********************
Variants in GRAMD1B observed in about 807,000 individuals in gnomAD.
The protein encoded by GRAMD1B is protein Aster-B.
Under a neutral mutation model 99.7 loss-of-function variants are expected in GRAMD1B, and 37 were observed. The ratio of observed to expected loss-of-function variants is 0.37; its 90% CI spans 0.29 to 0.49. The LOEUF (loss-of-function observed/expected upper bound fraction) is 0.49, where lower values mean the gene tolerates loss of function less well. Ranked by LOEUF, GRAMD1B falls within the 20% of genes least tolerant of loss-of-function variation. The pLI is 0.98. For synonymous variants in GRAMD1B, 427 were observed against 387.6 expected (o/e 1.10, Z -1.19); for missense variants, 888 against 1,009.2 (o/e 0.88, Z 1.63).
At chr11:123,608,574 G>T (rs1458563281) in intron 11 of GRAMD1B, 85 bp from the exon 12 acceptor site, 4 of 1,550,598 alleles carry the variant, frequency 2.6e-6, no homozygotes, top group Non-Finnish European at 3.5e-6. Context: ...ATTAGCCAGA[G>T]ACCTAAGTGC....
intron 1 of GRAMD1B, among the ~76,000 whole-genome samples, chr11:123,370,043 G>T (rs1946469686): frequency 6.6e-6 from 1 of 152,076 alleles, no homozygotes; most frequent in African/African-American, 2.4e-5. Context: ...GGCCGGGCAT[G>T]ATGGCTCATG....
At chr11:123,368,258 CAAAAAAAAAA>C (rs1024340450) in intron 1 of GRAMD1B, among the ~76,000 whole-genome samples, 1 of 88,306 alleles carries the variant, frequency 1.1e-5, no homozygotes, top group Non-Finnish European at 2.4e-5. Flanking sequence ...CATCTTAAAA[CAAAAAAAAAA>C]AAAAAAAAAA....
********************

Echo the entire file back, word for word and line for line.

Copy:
Variants in GRAMD1B observed in about 807,000 individuals in gnomAD.
The protein encoded by GRAMD1B is protein Aster-B.
Under a neutral mutation model 99.7 loss-of-function variants are expected in GRAMD1B, and 37 were observed. The ratio of observed to expected loss-of-function variants is 0.37; its 90% CI spans 0.29 to 0.49. The LOEUF (loss-of-function observed/expected upper bound fraction) is 0.49, where lower values mean the gene tolerates loss of function less well. Ranked by LOEUF, GRAMD1B falls within the 20% of genes least tolerant of loss-of-function variation. The pLI is 0.98. For synonymous variants in GRAMD1B, 427 were observed against 387.6 expected (o/e 1.10, Z -1.19); for missense variants, 888 against 1,009.2 (o/e 0.88, Z 1.63).
At chr11:123,608,574 G>T (rs1458563281) in intron 11 of GRAMD1B, 85 bp from the exon 12 acceptor site, 4 of 1,550,598 alleles carry the variant, frequency 2.6e-6, no homozygotes, top group Non-Finnish European at 3.5e-6. Context: ...ATTAGCCAGA[G>T]ACCTAAGTGC....
intron 1 of GRAMD1B, among the ~76,000 whole-genome samples, chr11:123,370,043 G>T (rs1946469686): frequency 6.6e-6 from 1 of 152,076 alleles, no homozygotes; most frequent in African/African-American, 2.4e-5. Context: ...GGCCGGGCAT[G>T]ATGGCTCATG....
At chr11:123,368,258 CAAAAAAAAAA>C (rs1024340450) in intron 1 of GRAMD1B, among the ~76,000 whole-genome samples, 1 of 88,306 alleles carries the variant, frequency 1.1e-5, no homozygotes, top group Non-Finnish European at 2.4e-5. Flanking sequence ...CATCTTAAAA[CAAAAAAAAAA>C]AAAAAAAAAA....